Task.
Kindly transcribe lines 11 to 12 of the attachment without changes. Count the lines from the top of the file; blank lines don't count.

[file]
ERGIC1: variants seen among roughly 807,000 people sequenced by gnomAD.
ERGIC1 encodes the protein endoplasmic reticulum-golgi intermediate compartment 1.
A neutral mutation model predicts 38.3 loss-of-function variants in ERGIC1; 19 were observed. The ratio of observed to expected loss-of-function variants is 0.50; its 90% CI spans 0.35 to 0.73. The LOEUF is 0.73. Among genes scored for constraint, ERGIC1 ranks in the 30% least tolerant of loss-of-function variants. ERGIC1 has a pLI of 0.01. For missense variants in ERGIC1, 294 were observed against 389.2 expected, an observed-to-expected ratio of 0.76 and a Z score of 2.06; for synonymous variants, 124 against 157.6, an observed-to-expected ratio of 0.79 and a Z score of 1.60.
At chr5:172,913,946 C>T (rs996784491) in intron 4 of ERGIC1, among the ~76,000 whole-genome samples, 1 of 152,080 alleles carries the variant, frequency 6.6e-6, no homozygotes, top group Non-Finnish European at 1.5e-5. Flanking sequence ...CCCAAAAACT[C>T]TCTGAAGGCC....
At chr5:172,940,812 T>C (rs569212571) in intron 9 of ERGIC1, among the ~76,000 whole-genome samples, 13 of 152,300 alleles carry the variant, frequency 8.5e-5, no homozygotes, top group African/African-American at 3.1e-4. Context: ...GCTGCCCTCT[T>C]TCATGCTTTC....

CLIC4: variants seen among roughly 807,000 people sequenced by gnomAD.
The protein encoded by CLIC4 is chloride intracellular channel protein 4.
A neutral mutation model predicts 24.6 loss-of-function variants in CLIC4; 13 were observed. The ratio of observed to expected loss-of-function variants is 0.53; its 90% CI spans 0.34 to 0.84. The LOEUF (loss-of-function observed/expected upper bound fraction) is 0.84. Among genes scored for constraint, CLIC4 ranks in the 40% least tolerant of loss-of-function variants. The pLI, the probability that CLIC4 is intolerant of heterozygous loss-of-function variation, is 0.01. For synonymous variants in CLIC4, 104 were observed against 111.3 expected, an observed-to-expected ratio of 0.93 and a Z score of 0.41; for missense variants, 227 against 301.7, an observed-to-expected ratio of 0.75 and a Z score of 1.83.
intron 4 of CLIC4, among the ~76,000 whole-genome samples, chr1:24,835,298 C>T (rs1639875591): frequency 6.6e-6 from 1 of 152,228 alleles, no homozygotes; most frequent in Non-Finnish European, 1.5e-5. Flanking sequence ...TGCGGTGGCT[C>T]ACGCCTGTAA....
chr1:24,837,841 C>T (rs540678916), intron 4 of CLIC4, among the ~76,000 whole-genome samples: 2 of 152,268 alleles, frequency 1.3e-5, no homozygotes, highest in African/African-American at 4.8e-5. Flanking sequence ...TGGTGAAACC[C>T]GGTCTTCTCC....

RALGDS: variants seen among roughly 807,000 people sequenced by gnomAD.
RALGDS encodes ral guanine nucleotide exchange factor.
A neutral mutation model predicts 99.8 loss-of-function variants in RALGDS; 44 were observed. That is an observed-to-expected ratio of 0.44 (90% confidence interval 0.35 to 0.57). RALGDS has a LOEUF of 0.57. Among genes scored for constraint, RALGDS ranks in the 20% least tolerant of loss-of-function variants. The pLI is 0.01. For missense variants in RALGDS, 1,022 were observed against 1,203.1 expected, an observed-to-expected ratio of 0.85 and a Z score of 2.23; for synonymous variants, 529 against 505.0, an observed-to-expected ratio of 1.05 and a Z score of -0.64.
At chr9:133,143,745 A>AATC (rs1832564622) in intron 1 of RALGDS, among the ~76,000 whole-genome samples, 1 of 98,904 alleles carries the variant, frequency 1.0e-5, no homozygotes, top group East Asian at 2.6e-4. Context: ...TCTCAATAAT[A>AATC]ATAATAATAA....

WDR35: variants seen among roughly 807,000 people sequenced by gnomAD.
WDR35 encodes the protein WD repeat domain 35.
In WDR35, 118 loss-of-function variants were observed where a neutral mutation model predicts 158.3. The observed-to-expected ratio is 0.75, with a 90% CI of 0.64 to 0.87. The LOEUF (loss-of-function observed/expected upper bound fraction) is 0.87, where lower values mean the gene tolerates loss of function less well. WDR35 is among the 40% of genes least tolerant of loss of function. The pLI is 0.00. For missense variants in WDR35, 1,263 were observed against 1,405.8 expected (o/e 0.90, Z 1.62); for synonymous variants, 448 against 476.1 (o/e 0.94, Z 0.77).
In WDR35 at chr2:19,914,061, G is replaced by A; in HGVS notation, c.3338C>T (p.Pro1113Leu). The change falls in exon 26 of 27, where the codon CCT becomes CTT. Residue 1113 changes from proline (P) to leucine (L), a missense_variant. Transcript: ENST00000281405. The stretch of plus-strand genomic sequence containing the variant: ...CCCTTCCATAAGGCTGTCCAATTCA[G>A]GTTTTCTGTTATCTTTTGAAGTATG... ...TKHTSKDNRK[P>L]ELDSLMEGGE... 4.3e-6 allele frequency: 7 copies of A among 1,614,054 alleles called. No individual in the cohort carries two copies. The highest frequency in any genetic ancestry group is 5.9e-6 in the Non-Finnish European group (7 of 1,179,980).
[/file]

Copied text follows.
RALGDS: variants seen among roughly 807,000 people sequenced by gnomAD.
RALGDS encodes ral guanine nucleotide exchange factor.